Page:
The vocal music sung by the William Ferris Chorale (founded by Ferris in 1971) will be equally unfamiliar to listeners, and that is by design, since the group’s new CD is called “American Choral Premieres.” Most of the works here are relatively short and fairly straightforward, appropriately but not outstandingly using the musical language of the time in which they were written. Standouts are Four Motets, by the prolific Alan Hovhaness, and George Rochberg’s heartfelt Behold, My Servant. Ferris’ own Lyrica Sacra and Who Am I? by Paul French – who now leads the chorale and for whom Ferris was a mentor – provide a sense of continuity in the music and performers. Everything here is well sung and has a religious flavor; the overall impression is of devout spiritual appeal without necessarily any strong adherence to a particular set of dogma or traditions.

     One way an interested listener might stumble upon two new Navona CDs is by searching for performances by clarinetist Richard Holtzman. On a disc called “Phoenix in Flight,” he offers sensitive, warm and beautifully played performances of two of the delightful clarinet-and-orchestra pieces by Carl Maria von Weber, plus three “fillers” that have some interest of their own. Giovanni Bottesini was considered “the Paganini of the double bass,” so it is a trifle odd to feature one of his works on a clarinet-focused CD, but in fact Stoltzman and Richard Fredrickson play the Duetto as equal partners, and the music benefits as a result. Debussy’s Première Rhapsody gives Stoltzman plenty of opportunity to show the warm side of his instrument, and so does Tchaikovsky’s Herbstlied, heard here in an arrangement made by Toru Takemitsu shortly before his death in 1996. Clarinet fanciers will enjoy Stoltzman’s top-quality playing both here and on a CD of some lesser music, by Jonathan Sachs. Sachs is known mostly for his film scores (Toy Story 2, Mr. Holland’s Opus, The X-Files: I Want to Believe and others), but he also works in traditional concert-hall forms, and this CD offers a bit of this and a bit of that. Stoltzman is featured in Litanies for clarinet, violin, cello and piano (1990, revised 2004), and in Ghost Horses for the same instruments plus three voices (1992). The Warsaw Philharmonic Orchestra under Carl St. Clair plays Incantations: Book V (2002), and the Slovak Radio Symphony Orchestra under Kirk Trevor offers Sagittarius Rising (2004). The other two pieces here are the oddly titled 5th (S)eason for two pianos (1993), played by Vicky Ray and Bridget Convey, and one of Sachs’ electronic experiments: Sirian Blue for tape (1978). The diversity of performers parallels the many styles of Sachs’ music, which never attains profundity (and does not really seem to seek it) but which is invariably well made and generally attractive to the ear.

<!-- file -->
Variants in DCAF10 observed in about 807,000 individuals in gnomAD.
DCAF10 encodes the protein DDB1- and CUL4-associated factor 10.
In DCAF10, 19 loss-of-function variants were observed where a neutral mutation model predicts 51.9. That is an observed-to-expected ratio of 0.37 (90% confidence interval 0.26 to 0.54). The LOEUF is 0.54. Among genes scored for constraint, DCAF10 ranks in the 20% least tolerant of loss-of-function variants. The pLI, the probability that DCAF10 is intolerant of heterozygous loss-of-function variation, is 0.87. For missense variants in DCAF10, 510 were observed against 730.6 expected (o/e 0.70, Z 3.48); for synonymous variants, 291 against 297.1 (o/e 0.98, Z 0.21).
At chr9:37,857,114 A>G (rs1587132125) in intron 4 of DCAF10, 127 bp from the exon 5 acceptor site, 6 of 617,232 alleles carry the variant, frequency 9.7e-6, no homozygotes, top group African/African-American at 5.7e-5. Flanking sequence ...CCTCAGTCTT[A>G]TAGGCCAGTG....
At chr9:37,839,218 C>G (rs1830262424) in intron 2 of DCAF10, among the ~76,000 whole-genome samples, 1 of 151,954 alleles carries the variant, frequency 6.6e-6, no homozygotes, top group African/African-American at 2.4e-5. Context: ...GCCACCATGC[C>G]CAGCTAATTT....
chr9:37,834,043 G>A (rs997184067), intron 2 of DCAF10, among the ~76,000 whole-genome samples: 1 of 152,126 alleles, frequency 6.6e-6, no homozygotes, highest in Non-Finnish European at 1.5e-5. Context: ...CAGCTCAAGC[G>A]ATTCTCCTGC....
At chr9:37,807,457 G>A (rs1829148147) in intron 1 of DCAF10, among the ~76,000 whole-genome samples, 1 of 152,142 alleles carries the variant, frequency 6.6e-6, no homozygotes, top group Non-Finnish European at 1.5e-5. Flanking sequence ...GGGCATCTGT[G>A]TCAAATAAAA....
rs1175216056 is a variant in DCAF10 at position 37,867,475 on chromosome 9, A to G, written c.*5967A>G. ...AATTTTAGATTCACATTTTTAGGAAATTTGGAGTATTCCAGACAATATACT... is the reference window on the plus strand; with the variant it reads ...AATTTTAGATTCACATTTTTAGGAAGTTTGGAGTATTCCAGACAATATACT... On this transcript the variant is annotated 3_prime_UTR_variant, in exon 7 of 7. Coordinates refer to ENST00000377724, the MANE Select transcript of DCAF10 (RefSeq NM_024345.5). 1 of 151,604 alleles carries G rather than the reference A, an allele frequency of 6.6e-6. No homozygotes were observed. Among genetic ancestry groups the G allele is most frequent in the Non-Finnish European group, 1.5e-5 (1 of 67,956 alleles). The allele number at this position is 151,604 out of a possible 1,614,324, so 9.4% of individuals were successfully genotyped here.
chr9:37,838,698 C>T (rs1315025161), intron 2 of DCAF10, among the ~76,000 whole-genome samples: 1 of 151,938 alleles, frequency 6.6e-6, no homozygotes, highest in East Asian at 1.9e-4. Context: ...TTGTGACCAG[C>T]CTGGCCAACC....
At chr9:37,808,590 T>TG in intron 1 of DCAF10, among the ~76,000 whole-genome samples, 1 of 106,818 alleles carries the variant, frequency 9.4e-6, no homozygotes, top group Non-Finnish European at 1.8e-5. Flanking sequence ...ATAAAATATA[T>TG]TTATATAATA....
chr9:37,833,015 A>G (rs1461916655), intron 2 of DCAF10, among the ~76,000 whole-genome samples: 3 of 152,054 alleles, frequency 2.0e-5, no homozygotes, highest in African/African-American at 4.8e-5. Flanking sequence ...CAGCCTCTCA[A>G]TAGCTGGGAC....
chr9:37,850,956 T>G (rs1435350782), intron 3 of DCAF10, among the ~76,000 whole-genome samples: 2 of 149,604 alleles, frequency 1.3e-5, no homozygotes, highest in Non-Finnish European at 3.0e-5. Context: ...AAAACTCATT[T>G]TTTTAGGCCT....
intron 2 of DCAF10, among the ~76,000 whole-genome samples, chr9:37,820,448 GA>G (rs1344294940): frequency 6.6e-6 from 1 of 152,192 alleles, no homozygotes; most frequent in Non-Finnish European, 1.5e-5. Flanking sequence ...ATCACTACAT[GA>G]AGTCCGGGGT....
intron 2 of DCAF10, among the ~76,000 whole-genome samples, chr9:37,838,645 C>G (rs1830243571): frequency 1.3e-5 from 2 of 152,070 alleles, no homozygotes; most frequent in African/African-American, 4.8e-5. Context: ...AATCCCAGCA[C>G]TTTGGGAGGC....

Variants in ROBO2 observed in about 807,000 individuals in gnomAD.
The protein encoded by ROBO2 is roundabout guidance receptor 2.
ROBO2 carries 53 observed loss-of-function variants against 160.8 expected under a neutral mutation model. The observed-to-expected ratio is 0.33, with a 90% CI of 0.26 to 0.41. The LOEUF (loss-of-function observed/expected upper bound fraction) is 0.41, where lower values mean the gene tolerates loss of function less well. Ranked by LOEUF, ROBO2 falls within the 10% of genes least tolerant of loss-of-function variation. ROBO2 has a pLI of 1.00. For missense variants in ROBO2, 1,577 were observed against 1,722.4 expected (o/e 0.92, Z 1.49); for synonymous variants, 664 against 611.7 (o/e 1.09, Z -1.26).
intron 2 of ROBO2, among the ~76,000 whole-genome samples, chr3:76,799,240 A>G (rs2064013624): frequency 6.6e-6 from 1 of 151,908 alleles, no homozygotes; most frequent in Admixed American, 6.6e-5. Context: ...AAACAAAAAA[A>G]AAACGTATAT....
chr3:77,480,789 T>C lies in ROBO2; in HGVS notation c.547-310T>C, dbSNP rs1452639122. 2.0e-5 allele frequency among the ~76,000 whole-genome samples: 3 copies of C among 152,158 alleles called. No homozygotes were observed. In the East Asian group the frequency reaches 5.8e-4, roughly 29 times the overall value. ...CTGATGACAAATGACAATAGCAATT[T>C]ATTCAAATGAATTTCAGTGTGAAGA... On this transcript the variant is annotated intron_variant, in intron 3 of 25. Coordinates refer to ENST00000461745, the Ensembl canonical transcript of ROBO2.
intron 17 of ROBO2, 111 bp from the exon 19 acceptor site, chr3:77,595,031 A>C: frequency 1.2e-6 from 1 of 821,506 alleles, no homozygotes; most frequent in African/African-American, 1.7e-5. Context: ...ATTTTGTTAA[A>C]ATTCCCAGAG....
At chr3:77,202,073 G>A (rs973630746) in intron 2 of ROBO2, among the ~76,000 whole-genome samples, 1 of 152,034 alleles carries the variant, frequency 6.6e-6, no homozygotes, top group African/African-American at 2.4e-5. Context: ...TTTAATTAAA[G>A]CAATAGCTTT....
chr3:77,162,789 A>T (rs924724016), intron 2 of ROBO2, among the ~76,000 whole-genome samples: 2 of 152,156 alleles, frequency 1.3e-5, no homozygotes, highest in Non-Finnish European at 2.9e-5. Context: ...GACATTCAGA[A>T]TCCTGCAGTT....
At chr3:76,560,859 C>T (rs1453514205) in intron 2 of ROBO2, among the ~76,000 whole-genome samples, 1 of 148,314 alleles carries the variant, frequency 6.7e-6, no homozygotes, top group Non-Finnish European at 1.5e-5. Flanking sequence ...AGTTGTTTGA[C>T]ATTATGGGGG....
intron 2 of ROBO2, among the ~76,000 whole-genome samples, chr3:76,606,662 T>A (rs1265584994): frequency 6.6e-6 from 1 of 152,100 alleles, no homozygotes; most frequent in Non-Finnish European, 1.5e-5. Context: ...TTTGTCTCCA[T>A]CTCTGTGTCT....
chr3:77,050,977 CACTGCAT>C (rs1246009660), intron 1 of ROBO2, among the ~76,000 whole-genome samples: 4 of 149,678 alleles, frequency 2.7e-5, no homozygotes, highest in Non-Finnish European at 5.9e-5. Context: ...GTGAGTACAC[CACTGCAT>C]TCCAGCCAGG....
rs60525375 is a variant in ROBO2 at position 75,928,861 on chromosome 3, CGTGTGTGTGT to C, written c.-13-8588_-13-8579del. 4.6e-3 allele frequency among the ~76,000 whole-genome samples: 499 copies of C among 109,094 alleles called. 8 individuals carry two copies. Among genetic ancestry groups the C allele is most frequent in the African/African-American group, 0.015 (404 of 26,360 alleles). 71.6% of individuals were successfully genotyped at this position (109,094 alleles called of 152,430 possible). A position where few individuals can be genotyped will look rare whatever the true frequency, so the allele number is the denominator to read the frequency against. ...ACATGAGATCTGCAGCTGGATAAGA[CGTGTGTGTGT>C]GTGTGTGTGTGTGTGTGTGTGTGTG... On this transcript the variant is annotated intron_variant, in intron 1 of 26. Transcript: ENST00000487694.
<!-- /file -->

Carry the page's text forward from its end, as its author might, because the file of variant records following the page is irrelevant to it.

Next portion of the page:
The same is a bit harder to say of Xibus, simply because this crossover CD will sound just fine to fans of some genres but is likely to seem odd to other listeners. The Boston String Quartet mixes elements of classically proficient playing with rock, pop and world music here, including some works with vocals (sung by Giorgia Fumanti and Fionnuala Gill) and one, Like It Is, with rock instrumentation performed by Common Thrill. Ranging from the sacred (Ave Maria) to the decidedly secular (Hey Jude), the CD offers fine performances and interesting (if rather disconnected) repertoire. But unless listeners specifically go looking for something by the Boston String Quartet, and then focus on crossover offerings, this is the sort of CD that it is all too easy to pass by.

No comments:

Post a Comment